Andy Samberg co-created the show with Neil Campbell (the two previously collaborated on “Brooklyn Nine-Nine”), and the writing is well within Samberg’s comedic output with his trio The Lonely Island (Akiva Schaffer and Jorma Taccone are executive producers here). Like “Hot Rod” did for delusional stunt people and “Popstar: Never Stop Popping” did for delusional pop stars, this one builds upon the even more absurd, less familiar trope of hot-shot archaeologists. “Digman!” has the bonus of being animated and therefore boundless, and animation production company Titmouse answers to the call for ridiculousness with a blockbuster’s scope with a religious Yeti society, a brief musical number about confetti, and a “Top Gun” parody to best them all.
Samberg’s voice work as Rip Digman is one of the show’s more self-pleasing winks, with Samberg returning to his drawling impression of “National Treasure”’s Nicolas Cage and mixing it with rapid-fire line delivery. For a series with roughly a million jokes per minute, mostly from the dialogue, more of them hit than miss. Take this smart-but-dumb gold nugget from the pilot: “The Holy Grail, the term people use to describe the coolest thing in every other profession, is that thing in archaeology.” He says that while at the lowest point of his life, teaching.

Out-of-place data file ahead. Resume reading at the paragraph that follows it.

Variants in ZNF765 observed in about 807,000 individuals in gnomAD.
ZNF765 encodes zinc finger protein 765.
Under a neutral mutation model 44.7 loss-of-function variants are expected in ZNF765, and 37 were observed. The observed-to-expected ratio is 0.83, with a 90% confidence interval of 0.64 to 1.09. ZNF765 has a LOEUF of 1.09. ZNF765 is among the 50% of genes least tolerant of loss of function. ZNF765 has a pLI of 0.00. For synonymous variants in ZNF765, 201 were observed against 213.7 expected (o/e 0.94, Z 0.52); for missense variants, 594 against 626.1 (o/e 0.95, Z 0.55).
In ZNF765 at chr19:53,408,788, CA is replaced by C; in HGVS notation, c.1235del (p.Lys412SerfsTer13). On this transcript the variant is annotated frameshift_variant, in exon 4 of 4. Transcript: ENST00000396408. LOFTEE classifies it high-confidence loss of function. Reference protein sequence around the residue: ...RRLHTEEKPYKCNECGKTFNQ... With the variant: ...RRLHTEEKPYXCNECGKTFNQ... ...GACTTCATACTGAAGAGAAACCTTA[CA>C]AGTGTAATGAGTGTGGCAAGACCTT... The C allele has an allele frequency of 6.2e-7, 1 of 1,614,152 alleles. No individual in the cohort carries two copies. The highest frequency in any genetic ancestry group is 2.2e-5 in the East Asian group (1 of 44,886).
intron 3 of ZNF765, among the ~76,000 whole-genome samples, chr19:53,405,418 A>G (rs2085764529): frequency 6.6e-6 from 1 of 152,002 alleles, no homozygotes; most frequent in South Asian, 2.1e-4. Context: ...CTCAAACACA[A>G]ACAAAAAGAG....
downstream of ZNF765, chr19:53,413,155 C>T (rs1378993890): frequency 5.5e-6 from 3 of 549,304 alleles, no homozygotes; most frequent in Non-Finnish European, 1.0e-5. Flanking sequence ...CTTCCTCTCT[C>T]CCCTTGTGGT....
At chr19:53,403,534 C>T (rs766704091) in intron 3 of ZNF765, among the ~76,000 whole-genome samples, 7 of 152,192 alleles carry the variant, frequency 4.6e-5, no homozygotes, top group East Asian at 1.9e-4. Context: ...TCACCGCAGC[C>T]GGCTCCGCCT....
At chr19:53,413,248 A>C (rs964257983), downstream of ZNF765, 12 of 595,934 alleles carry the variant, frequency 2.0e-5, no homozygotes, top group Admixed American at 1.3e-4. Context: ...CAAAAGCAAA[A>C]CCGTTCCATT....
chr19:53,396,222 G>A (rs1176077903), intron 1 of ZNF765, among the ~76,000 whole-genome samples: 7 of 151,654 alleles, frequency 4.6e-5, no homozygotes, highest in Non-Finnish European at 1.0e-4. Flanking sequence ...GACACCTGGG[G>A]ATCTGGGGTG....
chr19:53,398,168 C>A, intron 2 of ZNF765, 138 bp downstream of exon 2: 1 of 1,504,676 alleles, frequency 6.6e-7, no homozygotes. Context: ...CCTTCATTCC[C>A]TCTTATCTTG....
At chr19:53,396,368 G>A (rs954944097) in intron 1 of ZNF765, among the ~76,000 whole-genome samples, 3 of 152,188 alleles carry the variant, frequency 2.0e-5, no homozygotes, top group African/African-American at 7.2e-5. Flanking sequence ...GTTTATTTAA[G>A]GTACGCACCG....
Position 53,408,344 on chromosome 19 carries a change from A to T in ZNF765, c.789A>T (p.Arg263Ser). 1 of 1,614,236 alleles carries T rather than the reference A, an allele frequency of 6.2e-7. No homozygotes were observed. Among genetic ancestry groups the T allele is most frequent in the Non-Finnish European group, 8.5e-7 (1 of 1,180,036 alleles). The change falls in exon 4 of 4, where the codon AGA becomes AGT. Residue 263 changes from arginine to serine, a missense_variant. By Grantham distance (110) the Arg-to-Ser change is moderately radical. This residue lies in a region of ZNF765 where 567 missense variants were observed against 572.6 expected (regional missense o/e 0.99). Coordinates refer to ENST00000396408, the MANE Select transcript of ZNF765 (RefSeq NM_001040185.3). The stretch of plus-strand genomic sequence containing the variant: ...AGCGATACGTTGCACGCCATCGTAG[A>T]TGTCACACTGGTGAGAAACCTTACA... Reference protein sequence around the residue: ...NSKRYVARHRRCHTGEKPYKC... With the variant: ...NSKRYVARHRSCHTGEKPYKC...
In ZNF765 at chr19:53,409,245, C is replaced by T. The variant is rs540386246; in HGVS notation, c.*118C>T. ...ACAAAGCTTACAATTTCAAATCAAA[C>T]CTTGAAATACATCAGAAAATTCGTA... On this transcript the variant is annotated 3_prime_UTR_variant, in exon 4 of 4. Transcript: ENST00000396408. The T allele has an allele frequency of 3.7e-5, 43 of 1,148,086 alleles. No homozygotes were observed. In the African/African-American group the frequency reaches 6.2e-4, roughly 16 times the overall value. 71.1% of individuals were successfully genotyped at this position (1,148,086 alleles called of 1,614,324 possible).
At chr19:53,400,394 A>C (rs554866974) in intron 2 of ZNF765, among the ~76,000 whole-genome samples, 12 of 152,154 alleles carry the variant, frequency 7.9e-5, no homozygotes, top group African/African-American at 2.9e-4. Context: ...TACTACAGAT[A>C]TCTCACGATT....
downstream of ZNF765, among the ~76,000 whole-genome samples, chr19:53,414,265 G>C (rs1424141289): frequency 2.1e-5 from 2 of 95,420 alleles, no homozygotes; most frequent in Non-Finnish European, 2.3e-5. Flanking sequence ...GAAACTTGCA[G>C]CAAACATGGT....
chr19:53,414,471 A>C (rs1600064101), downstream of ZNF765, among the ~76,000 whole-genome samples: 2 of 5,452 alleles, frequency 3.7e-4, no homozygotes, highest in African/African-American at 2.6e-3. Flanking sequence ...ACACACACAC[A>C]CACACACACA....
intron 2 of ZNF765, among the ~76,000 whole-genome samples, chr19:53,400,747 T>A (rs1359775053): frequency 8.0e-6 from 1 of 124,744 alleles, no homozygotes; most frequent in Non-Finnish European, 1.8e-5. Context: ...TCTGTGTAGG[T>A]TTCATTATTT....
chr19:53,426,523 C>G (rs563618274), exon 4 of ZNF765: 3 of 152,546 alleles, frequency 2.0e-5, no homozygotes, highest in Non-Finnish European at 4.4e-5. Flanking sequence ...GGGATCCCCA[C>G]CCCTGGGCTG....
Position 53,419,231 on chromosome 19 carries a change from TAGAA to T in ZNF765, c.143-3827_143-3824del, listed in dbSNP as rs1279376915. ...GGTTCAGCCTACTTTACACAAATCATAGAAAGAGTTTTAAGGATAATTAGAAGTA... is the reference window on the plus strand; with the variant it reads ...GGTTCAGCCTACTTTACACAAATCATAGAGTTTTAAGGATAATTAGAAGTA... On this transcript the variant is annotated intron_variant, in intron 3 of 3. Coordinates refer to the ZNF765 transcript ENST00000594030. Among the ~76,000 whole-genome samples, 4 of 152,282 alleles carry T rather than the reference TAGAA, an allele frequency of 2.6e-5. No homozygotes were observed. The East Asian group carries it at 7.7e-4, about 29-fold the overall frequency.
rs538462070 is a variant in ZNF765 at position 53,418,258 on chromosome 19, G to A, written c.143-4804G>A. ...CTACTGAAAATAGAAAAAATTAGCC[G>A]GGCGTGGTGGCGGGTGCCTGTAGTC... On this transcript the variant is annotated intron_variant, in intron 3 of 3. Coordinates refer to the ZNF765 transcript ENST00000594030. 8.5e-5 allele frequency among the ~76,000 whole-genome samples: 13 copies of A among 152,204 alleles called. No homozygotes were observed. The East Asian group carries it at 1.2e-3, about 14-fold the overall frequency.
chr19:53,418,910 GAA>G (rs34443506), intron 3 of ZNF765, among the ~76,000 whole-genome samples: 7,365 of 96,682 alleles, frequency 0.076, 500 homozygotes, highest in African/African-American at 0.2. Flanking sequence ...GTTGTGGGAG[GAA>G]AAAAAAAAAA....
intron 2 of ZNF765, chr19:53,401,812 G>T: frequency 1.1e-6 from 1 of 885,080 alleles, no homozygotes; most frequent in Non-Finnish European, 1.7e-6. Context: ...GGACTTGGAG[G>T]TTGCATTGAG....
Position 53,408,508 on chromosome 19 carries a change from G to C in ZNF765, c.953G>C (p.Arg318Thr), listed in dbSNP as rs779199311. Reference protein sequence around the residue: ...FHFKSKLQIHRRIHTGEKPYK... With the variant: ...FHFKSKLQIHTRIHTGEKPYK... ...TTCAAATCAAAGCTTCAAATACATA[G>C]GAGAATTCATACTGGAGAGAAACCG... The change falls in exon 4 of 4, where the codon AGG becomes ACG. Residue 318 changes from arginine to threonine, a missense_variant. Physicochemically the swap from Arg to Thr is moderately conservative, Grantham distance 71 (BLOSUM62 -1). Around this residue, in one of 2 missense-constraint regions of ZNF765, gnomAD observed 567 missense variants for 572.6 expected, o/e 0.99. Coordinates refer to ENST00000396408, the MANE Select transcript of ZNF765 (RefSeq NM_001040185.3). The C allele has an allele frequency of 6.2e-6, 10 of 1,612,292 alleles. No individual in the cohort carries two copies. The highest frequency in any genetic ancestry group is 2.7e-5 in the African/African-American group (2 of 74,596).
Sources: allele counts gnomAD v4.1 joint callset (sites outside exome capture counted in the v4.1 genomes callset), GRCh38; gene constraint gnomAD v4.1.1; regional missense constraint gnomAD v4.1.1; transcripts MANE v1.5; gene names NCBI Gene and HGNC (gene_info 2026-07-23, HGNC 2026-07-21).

“Digman!” begins in what Samberg’s character considers his glory days. The year is 2011, and Digman is rushing down an erupting volcanic mountain with a new artifact in hand. Soon enough, his wife Bella (Melissa Fumero) and his trusted assistant Zane (Guz Khan) end up breaking from his life in traumatic ways, but not before a joke is made about someone looking forward to seeing “The Artist.” Jump ahead to the present, and Digman is a sloppy obscurity among his dashing, smug peers, or as they are referred to in singular here, as an “Arky.” Jolted from his stupor, Digman begins working again, this time with a new assistant Saltine (Mitra Jouhari), his macho helicopter pilot Swooper (Tim Robinson), unamused secretary Agatha (Dale Soules), and a hyperactive fast loris (as opposed to a slow loris). The latter character becomes a mascot for the show—cute, chaotic, and ravenous for the next bit of action.
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